Indigenous peoples in peril
Long before the COVID-19 pandemic, indigenous peoples (IPs) have been facing a host of vulnerabilities that have compromised their health and well-being. Aside from a lack of access to health facilities, barriers have included the lack of culturally sensitive health care, food insecurity, and outright violence that have imperiled their land and livelihood. Many of these issues are rooted in centuries of structural violence initiated by colonialism and perpetuated today by people in power.
Historically, too, epidemic disease outbreaks have presented an additional layer of vulnerability for IP communities, given, for some, their limited exposure and immunity to pathogens, and for many, their preexisting poor health conditions. Beyond the terrors of smallpox and cholera long ago, indigenous peoples today have been disproportionately affected by diseases like measles and tuberculosis.
This long history of survival, and an even longer history of living with pathogens, has led indigenous peoples to develop their own local responses to infectious diseases and times of crisis. As Karlston Lapniten has documented, various Cordillera communities have invoked “indigenous lockdowns” such as tengao and te-er, protective rituals like sagubay, and appeals to solidarity like baddangan. In Bukidnon, Easter Canoy of the Kitanglad Integrated NGOs tells me how Datu Makapukaw, Bae Inatlawan, and other elders have performed ceremonies like the panalawahig and pamugsa, calling for protection not just of their communities but also of humanity and the planet.
Despite these responses, the pandemic poses a serious threat to their communities.
In the first place, while many might imagine indigenous peoples to be living in isolation, such is not the case today. Many are forced to work and live in cities and towns both in the Philippines and abroad, and conversely, many lowlanders come to indigenous lands to engage in various activities, both legal and illegal. In terms of exposure, IPs are no less vulnerable than the general population.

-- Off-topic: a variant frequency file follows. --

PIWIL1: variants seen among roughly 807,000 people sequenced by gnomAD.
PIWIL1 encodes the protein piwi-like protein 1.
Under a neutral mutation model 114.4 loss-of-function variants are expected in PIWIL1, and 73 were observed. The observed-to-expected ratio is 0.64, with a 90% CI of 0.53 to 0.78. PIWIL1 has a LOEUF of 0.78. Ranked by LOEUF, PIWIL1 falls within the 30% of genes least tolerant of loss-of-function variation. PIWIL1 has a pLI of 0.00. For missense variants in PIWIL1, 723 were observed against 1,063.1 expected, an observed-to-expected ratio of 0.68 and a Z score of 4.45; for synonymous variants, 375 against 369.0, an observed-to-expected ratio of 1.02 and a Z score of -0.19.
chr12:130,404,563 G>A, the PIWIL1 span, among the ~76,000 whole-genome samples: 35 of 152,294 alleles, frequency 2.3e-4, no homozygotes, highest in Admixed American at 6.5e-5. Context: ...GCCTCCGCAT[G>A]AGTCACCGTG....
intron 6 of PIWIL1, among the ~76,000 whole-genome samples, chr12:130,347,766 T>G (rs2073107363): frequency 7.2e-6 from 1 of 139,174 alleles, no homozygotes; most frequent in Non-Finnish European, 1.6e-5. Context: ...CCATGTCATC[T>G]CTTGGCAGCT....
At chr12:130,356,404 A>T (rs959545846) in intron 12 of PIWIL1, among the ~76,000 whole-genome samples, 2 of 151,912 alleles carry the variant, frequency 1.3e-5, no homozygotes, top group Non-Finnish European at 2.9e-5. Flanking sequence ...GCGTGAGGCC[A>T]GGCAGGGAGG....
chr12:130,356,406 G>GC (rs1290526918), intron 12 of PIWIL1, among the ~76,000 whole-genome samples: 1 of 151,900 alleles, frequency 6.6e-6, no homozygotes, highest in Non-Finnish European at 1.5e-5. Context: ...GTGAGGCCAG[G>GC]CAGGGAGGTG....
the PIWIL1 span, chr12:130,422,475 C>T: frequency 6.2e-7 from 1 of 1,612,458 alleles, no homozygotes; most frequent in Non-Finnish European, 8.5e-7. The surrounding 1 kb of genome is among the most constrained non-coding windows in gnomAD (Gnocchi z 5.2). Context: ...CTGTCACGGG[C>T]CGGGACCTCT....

The preexisting economic challenges faced by many indigenous communities also means that owing to poor nutrition, they are more susceptible to COVID-19. In addition, many indigenous groups face stigma and discrimination, compounded by bureaucratic requirements that have deprived them of health care, whether for COVID-19 or other medical conditions, and social security.
Beyond the medical threat posed by COVID-19, the economic effects of the pandemic also means that many indigenous individuals are at risk of further hunger and malnutrition, and their consequent effects on individual and community health. Tragically, misguided policies have prevented IPs from conducting essential activities such as selling their produce or harvesting root crops in mountains, which are actually among the safest places in the time of a pandemic.
Finally, as a Katribu special report detailed, we have also seen the continuation of logging, mining, and illegal construction in indigenous lands even amid lockdown. With protests stifled in the name of the pandemic, projects like the Kaliwa Dam are being pushed against the will of IPs. Just a few days ago, Manobo leader Bea Milda Ansado, a staunch defender of their ancestral lands from mining, was shot dead in Cotabato.
In light of the above concerns, it is imperative that, first of all, there must be inclusive decision-making in policies affecting indigenous communities. While the demands for quarantine are understandable, governments can tap into the social resources and wisdom of IPs, allowing them to take leadership in achieving shared goals (e.g., quarantine) while guaranteeing their rights and dignity.
Secondly, the needs and welfare of IPs must be taken into account in broader policies, from the transportation of locally-stranded individuals to the provision of “ayuda.” Common sense and adherence to principles like physical distancing—not one-size-fits-all thinking—should prevail.
Thirdly, government should provide support for health services, both COVID-19 and non-COVID-19; livelihood; and of course, education, making sure that indigenous youth are not left behind in an age of online learning.
Lastly, indigenous peoples must be protected from all kinds of violence and harassment, including attempts to molest ancestral lands. We cannot allow the pandemic to be another dark chapter in the long history of discrimination, oppression, and marginalization of indigenous peoples in the country.
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